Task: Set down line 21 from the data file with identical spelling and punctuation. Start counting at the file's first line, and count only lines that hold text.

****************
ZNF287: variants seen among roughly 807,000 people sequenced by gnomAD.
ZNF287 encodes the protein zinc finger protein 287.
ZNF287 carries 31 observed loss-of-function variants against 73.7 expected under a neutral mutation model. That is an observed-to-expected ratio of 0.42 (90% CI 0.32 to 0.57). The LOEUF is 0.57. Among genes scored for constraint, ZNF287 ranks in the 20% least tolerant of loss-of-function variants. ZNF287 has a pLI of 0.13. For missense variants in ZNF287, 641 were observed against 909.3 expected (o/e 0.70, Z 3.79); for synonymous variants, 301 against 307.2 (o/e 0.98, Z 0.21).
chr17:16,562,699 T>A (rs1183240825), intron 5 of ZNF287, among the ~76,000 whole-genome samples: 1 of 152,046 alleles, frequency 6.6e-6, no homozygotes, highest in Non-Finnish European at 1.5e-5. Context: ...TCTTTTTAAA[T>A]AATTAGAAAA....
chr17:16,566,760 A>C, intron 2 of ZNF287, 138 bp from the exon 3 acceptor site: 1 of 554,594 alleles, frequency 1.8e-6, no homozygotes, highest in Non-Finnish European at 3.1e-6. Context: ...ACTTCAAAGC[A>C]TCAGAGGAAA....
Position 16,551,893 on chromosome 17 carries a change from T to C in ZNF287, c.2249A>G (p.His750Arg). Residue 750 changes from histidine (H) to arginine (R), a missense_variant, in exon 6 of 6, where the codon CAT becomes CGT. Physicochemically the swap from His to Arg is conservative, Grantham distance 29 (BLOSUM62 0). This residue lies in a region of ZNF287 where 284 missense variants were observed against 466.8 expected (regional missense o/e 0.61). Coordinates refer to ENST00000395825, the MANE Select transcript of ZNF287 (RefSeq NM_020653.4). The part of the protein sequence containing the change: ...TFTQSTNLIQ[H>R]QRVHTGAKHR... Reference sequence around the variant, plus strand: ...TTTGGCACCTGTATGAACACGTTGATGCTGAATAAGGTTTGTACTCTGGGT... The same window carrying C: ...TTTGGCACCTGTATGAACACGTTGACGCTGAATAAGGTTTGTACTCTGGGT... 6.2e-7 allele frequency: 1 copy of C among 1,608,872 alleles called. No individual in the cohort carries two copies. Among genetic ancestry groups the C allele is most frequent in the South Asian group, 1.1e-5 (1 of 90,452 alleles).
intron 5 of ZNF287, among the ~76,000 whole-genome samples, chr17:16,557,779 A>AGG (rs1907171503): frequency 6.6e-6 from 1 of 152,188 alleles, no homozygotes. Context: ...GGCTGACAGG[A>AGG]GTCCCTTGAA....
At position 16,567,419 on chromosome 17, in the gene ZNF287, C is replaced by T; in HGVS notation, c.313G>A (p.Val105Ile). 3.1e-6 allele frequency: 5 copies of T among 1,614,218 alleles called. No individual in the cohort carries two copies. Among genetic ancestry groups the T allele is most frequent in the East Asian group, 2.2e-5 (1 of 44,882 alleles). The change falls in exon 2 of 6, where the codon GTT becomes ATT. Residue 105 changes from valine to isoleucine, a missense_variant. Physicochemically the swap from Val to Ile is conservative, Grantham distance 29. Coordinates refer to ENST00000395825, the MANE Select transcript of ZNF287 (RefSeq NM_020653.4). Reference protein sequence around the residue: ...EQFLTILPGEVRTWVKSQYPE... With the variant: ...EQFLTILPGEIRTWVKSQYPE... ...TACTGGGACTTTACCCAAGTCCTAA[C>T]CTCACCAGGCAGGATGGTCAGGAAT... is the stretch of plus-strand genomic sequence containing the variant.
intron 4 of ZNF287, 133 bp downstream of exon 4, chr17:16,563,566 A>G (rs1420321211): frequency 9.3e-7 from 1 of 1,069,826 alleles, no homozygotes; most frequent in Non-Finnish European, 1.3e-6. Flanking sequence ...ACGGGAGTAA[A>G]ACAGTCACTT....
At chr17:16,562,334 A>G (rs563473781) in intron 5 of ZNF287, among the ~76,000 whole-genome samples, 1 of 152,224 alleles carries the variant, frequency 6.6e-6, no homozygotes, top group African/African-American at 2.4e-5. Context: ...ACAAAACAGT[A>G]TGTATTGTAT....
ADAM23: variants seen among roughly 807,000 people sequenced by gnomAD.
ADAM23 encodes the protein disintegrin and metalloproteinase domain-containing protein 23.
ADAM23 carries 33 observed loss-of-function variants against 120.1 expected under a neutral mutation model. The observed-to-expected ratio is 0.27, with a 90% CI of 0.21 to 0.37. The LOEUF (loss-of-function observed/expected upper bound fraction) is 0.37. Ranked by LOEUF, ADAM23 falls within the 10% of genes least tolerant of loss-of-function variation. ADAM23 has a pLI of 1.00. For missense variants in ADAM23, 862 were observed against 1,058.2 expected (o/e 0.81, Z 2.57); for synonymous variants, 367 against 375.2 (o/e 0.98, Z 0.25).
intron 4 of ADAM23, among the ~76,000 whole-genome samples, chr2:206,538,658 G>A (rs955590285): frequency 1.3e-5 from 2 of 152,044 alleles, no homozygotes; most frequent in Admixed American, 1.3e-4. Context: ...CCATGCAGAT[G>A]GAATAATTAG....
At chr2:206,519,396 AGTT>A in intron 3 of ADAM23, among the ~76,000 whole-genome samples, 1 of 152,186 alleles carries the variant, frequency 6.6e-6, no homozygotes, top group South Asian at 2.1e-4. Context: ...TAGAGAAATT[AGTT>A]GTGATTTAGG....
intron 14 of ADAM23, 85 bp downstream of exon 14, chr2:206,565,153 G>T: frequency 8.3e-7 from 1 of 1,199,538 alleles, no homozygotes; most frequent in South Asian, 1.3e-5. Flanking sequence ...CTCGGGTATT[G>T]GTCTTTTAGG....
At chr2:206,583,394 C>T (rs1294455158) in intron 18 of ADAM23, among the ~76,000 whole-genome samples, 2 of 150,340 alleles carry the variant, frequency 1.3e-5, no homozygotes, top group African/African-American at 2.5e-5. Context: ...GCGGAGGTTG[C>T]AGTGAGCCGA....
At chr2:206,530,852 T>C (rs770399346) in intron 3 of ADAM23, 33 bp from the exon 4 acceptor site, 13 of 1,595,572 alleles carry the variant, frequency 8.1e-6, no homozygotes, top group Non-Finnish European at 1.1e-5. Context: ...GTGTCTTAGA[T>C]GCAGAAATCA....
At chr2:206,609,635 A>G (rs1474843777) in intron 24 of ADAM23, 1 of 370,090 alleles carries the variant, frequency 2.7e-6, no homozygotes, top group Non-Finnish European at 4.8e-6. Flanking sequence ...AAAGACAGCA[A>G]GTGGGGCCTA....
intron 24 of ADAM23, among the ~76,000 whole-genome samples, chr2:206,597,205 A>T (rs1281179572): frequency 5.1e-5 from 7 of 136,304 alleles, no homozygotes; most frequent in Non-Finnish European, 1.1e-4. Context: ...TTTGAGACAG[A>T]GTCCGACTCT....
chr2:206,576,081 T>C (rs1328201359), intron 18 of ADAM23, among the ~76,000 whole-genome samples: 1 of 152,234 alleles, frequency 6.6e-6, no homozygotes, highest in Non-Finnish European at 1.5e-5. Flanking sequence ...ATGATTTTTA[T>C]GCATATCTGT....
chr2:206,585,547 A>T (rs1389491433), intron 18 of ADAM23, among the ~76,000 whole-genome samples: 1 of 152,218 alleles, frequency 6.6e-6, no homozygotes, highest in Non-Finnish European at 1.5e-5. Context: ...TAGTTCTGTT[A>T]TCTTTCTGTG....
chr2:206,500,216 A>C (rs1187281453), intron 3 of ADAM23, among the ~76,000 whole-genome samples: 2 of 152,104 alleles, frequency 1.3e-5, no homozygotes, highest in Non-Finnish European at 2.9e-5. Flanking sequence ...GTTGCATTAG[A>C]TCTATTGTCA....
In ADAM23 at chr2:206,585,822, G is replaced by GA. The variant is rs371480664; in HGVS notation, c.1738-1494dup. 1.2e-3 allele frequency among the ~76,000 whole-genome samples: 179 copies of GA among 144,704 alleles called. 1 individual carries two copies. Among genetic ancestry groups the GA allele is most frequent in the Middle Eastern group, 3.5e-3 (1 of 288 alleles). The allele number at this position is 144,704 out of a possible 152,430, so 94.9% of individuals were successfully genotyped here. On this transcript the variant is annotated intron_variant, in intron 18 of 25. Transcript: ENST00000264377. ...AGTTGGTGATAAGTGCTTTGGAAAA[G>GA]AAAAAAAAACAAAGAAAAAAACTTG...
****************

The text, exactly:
chr2:206,576,081 T>C (rs1328201359), intron 18 of ADAM23, among the ~76,000 whole-genome samples: 1 of 152,234 alleles, frequency 6.6e-6, no homozygotes, highest in Non-Finnish European at 1.5e-5. Flanking sequence ...ATGATTTTTA[T>C]GCATATCTGT....